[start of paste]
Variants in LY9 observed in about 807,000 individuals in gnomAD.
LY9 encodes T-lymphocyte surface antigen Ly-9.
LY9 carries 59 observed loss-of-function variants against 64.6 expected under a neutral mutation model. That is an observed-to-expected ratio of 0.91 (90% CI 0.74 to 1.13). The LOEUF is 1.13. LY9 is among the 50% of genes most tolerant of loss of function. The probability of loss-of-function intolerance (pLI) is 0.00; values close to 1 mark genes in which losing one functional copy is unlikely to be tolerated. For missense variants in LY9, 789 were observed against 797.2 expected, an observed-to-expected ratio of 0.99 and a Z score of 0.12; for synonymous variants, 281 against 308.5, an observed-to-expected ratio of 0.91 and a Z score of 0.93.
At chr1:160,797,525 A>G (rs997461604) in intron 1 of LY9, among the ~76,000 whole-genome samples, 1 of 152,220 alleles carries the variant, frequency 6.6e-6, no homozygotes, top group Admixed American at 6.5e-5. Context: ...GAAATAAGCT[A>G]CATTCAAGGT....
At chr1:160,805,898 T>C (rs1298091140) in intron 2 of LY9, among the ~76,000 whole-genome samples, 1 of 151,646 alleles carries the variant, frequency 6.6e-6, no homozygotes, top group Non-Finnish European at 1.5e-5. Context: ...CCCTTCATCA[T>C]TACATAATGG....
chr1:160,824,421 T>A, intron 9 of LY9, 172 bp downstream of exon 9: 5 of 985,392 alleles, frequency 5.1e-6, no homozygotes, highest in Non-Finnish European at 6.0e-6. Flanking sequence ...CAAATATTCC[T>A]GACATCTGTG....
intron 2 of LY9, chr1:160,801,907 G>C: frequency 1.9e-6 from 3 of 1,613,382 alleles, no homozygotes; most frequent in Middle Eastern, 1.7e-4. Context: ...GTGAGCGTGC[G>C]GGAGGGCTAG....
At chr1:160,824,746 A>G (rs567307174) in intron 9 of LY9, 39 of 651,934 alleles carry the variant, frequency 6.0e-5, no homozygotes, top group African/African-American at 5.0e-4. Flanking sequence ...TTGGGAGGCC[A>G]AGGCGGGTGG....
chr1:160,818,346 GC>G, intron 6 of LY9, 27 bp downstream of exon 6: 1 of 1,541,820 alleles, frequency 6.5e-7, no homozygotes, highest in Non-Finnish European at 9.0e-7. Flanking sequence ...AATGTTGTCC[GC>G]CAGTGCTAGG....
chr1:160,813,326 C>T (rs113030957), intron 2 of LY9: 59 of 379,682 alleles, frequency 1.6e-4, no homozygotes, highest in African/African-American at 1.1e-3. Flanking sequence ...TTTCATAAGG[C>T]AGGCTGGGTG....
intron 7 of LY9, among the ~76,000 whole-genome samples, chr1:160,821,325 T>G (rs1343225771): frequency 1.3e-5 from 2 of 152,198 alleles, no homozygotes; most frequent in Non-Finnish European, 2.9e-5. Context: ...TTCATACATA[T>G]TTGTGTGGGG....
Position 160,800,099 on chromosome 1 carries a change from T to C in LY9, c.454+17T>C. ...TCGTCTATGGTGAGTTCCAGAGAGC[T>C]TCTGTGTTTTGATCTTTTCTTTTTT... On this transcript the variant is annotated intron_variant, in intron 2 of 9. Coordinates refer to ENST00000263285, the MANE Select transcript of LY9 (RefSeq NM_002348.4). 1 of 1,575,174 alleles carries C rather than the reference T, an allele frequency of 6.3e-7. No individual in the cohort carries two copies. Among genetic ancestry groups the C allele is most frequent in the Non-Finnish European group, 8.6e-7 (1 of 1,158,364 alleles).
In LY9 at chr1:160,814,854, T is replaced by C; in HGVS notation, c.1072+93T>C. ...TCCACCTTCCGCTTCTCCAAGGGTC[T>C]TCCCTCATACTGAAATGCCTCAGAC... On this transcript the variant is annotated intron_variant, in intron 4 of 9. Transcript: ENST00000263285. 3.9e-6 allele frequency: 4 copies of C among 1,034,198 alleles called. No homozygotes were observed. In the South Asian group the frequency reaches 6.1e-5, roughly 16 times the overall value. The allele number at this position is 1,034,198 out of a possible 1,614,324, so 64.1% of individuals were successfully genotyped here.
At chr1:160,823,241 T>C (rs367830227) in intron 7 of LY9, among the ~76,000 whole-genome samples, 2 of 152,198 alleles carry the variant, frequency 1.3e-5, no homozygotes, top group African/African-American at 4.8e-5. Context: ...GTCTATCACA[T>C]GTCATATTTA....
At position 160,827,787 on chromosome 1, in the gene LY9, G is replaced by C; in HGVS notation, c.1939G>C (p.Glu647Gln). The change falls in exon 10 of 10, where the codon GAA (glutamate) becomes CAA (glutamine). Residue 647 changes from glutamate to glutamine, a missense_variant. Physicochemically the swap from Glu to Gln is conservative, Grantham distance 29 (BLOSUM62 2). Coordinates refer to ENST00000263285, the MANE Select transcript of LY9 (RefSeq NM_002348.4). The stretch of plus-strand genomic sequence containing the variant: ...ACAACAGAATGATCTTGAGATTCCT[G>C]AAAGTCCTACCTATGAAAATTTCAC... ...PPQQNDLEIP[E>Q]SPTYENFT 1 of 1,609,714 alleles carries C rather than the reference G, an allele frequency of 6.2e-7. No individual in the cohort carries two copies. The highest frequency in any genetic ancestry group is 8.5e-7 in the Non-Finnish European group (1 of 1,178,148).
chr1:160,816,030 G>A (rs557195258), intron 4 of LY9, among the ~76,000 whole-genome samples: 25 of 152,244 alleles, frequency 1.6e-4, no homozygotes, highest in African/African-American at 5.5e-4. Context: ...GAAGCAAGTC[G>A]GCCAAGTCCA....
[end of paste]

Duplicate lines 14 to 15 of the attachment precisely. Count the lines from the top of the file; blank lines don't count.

At chr1:160,823,241 T>C (rs367830227) in intron 7 of LY9, among the ~76,000 whole-genome samples, 2 of 152,198 alleles carry the variant, frequency 1.3e-5, no homozygotes, top group African/African-American at 4.8e-5. Context: ...GTCTATCACA[T>C]GTCATATTTA....
At position 160,827,787 on chromosome 1, in the gene LY9, G is replaced by C; in HGVS notation, c.1939G>C (p.Glu647Gln). The change falls in exon 10 of 10, where the codon GAA (glutamate) becomes CAA (glutamine). Residue 647 changes from glutamate to glutamine, a missense_variant. Physicochemically the swap from Glu to Gln is conservative, Grantham distance 29 (BLOSUM62 2). Coordinates refer to ENST00000263285, the MANE Select transcript of LY9 (RefSeq NM_002348.4). The stretch of plus-strand genomic sequence containing the variant: ...ACAACAGAATGATCTTGAGATTCCT[G>C]AAAGTCCTACCTATGAAAATTTCAC... ...PPQQNDLEIP[E>Q]SPTYENFT 1 of 1,609,714 alleles carries C rather than the reference G, an allele frequency of 6.2e-7. No individual in the cohort carries two copies. The highest frequency in any genetic ancestry group is 8.5e-7 in the Non-Finnish European group (1 of 1,178,148).